Friday, dissatisfied campaigners marched to the Union Buildings to protest the ongoing load shedding.
Not In My Name International, a civil rights movement fighting to alter attitudes, organized the demonstration. The crowd gathered at Pretoria’s Church Square. They stopped at the offices of the national energy regulator before proceeding to the Union Buildings.
WATCH – #NotInMyName marches to the Union building to protest load shedding and the recent increase in electricity tariffs by Nersa | @TeamNews24 @News24 pic.twitter.com/qvtipOMOMY
— SHOTS FIRED📸. (@tiro selepe) 20 January 2023
Mo Senna, the head of communications for Nimni, stated that the organization is calling on the government to cease the chronic load shedding and reverse the 18.65% pricing increase given to Eskom by the National Energy Regulator of South Africa (NERSA).
According to the organization, the high cost of electricity and the frequent blackouts only make life more difficult for South Africans. The irony is that load shedding delayed the demonstration.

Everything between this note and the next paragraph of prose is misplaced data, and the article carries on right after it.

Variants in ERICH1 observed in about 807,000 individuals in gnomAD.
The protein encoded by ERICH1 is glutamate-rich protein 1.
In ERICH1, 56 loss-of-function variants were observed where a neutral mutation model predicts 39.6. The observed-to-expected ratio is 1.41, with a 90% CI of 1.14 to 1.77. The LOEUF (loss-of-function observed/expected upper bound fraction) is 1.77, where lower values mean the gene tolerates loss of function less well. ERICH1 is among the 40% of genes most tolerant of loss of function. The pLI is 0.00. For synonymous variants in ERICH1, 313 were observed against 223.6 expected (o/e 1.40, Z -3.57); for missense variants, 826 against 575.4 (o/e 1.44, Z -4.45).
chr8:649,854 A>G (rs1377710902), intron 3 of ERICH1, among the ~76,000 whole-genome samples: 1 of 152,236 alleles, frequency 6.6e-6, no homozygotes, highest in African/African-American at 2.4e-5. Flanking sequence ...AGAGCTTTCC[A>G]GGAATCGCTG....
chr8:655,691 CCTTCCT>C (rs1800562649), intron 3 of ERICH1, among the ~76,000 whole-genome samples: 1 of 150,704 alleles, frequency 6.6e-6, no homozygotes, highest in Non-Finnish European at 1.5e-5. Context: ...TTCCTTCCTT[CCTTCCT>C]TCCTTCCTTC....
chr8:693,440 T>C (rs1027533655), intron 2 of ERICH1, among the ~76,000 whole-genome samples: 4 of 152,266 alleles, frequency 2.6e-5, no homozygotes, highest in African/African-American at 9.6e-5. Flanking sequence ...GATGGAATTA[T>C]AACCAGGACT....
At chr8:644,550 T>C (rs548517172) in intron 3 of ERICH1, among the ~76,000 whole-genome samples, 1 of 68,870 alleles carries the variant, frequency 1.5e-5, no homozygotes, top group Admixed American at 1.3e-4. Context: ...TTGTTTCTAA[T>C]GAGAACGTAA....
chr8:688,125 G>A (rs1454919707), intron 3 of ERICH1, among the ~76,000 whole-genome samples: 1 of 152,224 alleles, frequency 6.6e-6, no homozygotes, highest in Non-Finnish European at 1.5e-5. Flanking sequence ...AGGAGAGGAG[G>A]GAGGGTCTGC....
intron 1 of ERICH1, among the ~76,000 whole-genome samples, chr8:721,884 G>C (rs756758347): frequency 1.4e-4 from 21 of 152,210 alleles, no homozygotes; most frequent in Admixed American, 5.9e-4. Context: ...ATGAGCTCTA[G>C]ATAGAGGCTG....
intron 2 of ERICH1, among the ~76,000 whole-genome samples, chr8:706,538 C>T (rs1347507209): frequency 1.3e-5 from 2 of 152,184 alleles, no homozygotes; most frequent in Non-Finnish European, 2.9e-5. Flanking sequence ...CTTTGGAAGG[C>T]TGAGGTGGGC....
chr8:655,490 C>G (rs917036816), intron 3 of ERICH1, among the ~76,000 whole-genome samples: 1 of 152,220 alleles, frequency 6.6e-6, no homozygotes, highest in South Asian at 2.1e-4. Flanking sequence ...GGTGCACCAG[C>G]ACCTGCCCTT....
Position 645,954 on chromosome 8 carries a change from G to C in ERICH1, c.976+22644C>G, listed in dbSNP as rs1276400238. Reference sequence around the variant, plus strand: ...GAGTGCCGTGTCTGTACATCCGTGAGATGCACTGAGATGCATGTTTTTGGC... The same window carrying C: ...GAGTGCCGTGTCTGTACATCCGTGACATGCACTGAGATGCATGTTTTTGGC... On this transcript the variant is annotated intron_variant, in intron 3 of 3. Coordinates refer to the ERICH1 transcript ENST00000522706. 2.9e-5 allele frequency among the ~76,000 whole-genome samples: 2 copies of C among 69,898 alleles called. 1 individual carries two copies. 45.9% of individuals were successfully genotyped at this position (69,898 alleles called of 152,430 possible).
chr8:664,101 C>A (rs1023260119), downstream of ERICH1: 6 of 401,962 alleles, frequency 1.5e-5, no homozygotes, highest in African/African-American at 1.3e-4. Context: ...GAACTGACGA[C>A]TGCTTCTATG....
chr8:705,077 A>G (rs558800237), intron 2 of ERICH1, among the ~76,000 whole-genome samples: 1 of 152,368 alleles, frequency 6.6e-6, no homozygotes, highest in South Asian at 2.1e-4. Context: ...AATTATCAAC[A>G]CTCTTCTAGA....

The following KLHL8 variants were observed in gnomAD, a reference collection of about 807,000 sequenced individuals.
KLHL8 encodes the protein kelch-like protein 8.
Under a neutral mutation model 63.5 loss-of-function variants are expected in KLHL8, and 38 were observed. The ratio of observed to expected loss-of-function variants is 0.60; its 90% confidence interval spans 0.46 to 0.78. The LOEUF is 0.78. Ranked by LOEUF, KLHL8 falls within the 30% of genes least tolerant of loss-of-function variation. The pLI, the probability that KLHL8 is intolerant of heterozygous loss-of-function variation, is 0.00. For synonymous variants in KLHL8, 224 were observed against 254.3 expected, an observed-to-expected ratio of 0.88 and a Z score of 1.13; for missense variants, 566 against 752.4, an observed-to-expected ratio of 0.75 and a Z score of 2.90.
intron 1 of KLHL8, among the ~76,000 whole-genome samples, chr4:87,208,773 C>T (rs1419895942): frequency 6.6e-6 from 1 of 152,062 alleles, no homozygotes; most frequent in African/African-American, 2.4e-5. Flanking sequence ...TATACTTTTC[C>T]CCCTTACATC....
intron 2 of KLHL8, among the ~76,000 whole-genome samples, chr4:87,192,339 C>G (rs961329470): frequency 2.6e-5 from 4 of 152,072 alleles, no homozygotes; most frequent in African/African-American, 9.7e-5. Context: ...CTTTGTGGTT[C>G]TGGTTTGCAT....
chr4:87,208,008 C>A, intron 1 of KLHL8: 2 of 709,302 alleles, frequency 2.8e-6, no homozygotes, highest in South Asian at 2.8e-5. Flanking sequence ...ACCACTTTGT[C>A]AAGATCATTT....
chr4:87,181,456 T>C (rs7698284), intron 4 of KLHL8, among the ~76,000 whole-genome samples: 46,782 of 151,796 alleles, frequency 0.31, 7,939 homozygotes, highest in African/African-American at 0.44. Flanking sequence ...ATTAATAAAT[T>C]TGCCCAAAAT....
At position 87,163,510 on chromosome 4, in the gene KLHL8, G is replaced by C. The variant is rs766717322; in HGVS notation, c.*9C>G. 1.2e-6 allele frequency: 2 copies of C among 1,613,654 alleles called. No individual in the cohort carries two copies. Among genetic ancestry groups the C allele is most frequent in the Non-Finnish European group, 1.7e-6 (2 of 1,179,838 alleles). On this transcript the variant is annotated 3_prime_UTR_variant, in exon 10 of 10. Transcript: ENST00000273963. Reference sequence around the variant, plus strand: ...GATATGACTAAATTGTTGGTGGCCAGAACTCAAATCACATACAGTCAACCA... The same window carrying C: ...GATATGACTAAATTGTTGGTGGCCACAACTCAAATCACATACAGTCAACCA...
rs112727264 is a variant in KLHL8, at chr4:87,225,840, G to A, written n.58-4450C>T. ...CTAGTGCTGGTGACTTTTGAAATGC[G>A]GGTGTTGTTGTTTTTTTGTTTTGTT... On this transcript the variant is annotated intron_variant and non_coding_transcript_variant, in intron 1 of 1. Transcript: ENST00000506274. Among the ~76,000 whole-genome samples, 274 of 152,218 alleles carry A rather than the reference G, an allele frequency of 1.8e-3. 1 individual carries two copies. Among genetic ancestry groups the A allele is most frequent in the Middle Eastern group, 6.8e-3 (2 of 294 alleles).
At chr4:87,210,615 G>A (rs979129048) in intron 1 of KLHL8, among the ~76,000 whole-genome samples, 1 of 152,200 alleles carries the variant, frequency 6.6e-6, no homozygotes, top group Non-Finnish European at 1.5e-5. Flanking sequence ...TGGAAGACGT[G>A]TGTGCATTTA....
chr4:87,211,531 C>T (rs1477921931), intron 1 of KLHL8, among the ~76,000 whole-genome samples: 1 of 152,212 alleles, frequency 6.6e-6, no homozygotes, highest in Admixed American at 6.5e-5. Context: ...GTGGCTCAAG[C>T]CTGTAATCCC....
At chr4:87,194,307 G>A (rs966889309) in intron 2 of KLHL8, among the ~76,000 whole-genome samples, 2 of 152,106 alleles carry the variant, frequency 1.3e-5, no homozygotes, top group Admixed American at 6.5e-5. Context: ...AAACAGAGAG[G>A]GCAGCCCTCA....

According to Secretary-General Themba Maseko, a number of buses transporting demonstrators from Mamelodi were stopped in traffic as a result of the power outage.
SPOKESPERSON MASEKO WEIGHS IN: “We want load-shedding to be declared a state of emergency, and no government employees should receive bonuses.” Nersa [National Energy Regulator of South Africa] should reverse the nearly 19% increase it granted Eskom.
“South Africa’s economy is already in a recession, and ordinary citizens will not be able to withstand the current load-shedding for very long.” This is the reason for our appearance today,”
Effective 1 April of this year, the National Energy Regulator of South Africa (Nersa) has approved an increase of 18.65 percent in electricity rates.
Eskom had requested a 32% increase in rates for the April 2023/24 fiscal year.
In the same tariff proposal, the cash-strapped utility requested a 22.52 percent hike in rates for 2024/25. Nersa has allowed Eskom a rate rise of 12.74 percent.
The regulator stated that the “extremely difficult decision” was intended to balance Eskom’s needs with those of consumers.